Saturday, October 13, 2007
That is, SOCK WARS II. And I am a veteran of last year's inaugeral war. So I should know better. But I needed to build up my strength after dealing with being a little green around the gills, ugh. So here I am. As my cohort admonished me, however, I must get back in the ranks and knit to kill.
Each sock warrior is assigned a target. Therefore, each has an assassin. Knit to kill, send the weapon of death. When the death strike has been received (socks in the mail), target has been assassinated. I have received my Top Secret Sock Wars II Assassination Dossier with my assignment. I must go.
Just wanted to let you know. 'Cos War is Hell. And this is War!
(click logo above for details of war games)
I have not forgotten the sunset I started a week or so ago. Here are the next in the series:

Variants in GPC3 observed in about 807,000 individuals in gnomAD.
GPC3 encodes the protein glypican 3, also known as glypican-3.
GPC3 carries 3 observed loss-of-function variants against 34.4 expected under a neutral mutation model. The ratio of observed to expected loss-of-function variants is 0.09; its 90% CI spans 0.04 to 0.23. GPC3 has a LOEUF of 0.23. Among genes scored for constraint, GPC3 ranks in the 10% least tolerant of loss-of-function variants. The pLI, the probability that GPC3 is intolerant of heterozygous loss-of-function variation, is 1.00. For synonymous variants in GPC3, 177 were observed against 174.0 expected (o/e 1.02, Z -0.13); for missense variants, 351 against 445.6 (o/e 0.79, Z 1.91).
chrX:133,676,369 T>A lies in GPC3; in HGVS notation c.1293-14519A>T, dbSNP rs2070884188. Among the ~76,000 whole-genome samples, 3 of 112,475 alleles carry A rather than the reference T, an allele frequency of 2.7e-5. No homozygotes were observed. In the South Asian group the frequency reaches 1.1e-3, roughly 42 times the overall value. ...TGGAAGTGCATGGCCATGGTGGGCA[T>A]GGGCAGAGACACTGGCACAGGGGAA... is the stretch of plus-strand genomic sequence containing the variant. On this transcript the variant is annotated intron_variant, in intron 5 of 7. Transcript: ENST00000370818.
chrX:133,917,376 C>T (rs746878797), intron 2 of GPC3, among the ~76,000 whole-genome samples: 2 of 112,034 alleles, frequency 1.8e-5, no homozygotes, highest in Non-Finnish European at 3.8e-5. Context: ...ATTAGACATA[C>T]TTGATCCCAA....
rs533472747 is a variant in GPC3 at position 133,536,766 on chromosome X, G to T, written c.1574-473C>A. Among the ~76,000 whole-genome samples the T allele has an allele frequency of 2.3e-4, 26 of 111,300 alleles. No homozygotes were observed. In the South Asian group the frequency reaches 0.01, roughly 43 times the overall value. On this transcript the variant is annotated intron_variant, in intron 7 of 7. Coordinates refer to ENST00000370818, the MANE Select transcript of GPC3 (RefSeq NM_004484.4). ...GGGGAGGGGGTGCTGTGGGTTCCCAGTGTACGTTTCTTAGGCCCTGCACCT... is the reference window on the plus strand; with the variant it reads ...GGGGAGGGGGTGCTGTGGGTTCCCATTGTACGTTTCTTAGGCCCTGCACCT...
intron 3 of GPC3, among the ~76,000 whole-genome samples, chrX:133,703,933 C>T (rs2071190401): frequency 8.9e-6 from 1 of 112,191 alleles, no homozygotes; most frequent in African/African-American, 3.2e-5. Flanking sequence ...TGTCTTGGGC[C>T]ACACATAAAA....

(click on photos for larger view)~~okay, this should really work now
27 September 2007
Actually, this should have been second, but it was such a different view, I was going to save it for another time. Then I took another look.
27 September 2007
I admit to having cropped out the parked cars in some of these sunset photos. They interrupted my concentration on the incredible sky, so they had to go. Unfortunately, it made for a smaller photo here. So, click to have it fill your screen, and see what you think.
Thursday, October 11, 2007
My son (T2) was overheard in preschool talking with his friends at great length about naked ladies. Yes, he was telling them, he really liked naked ladies. In fact, we had naked ladies at our house. They were in the backyard! And on and on he went. To her credit, the teacher listening in followed the conversation until she could make better sense of it, and finally realised the darling boy was referring to a type of flower! She was quite relieved.